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By Jack M. Turner

Photos by John C. Turner

    Christmas Day 2011 found my family making a bee-line for Sanford, Florida where our latest ride on Amtrak's Auto Train would commence.  As the Interstate highway miles rolled past, my mind wandered back almost 40 years to the start of Auto-Train service. 
    Under the private ownership of the Auto-Train Corporation, this unique train initiated service in December 1971 carrying passengers and their automobiles between Lorton, Virginia and Sanford, FL.  In Fall 1972 I saw the Auto-Train pass every day during my one semester at Randolph-Macon College in Ashland, VA, usually during a morning physical education class.  In those days the engines, dining cars and dome cars wore in a distinctive white, red, and purple paint scheme while most of sleeping cars still were decked out in their original Union Pacific armour yellow or Santa Fe stainless silver.  On one December evening the southbound Auto-Train made a special stop in Ashland so its smartly uniformed hostesses could deliver a gift wrapped television set to local resident "Shirts" Blanton whose home overlooked the railroad.  Mr. Blanton was wheelchair bound after being shot while breaking up a bank robbery 18 years earlier.  Through the years Mr. Blanton had waved to countless passing freight trains and passengers aboard streamliners from his front porch.  On more than one occasion, he alerted train crews of mechanical issues that, undetected, would have derailed their trains.  A  week after the special Auto-Train stop, a cover story in Parade Magazine captured images of the event and told the story of Shirts Blanton.

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The northbound Auto-Train rolls past Randolph-Macon College in Ashland, VA in September 1973 (Photo by the author)

    Summer 1975 provided my one opportunity to ride the private Auto-Train during a southbound trip with my parents.  It was impressive watching towns in Virginia and North Carolina pass from the full dome lounge car where an Auto-Train employee played Peter, Paul and Mary's "Leaving On A Jet Plane" on a piano while using poetic license to change the words to "Leaving On Auto-Train".  Our drawing room in former Santa Fe sleeper "Regal Gate" was spacious and provided a nice night's sleep once I managed to pull myself away from the dome car and by morning we were back in the Sunshine State instead of waking up in some Holiday Inn in South Carolina.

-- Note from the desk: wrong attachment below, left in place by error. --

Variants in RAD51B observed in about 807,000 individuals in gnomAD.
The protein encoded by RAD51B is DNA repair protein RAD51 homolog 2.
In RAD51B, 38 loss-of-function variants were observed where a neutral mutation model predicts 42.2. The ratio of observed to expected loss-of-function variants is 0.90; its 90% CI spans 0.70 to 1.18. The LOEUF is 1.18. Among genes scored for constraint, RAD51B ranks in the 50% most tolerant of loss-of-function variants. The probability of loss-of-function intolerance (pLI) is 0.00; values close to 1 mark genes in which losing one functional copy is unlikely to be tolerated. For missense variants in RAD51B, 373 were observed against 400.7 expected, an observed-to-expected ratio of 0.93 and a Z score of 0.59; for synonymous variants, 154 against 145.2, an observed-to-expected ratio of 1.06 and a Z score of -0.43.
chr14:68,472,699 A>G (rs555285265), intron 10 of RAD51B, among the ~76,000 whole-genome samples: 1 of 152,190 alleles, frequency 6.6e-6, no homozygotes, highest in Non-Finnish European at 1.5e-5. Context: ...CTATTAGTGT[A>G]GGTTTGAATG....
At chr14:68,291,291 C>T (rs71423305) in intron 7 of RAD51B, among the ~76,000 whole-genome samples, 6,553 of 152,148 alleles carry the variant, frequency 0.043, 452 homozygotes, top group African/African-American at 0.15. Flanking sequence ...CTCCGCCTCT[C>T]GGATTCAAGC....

The privately run Auto-Train employed attractive young people in bright 1970s era uniforms. The ground crew typically wore red and yellow outfits. (Photo by the author)

On board hostess Hallie Yates models one of the purple colored uniforms worn by service personnel on the Auto-Train in this July 1975 scene.  Note the numerous dome cars carried in the Auto-Train.  Full domes were purchased from the Santa Fe while vista dome cars came from both Union Pacific and Western Pacific.  (Photo by the author)

    The private Auto-Train was popular but eventually went bankrupt due to an unsuccessful route that was added between Louisville, KY and Sanford over a slow route plus two costly derailments of the Lorton-Sanford train.  Within two years Amtrak stepped in and took over the service using its own passenger equipment and some of the bankrupt company's auto carriers.  The original Lorton and Sanford terminals were acquired as they provided convenient access to I-95 in Lorton and I-4 in Sanford.  At first the Amtrak Auto Train (note the dropped hyphen in Amtrak parlance) used single level equipment before switching to bi-level Superliner cars in the mid-1990s.

    My own family had a chance to experience Amtrak's Auto Train in a September 1998 roundtrip as part of a driving trip to New England combined with travels on VIA Rail Canada trains to Nova Scotia and remote northern Quebec.  I also made a northbound solo trip in August 2006 documented in a TrainWeb story titled "Avoiding Highway Traffic On Amtrak's Auto Train".  Each of these trips was executed flawlessly by Amtrak and the time savings over a highway trip was appreciated each time.

    We pulled up to the check-in lane at the Sanford terminal shortly after 1:00pm and were directed to drive forward a few yards where we would unload our overnight bags.  An Amtrak employee put a magnetic sign bearing the number "21" to the side of our minivan while another employee videotaped the van's exterior in case of any damage claims.  Check-in at the ticket counter took just a moment and included a chance to select the early dinner sitting.  The Auto Train terminal in Sanford is a new facility opened in 2010 with ample comfortable seating and lots of glass windows.  Business would be fairly light since it was Christmas yet the train still would be about half full.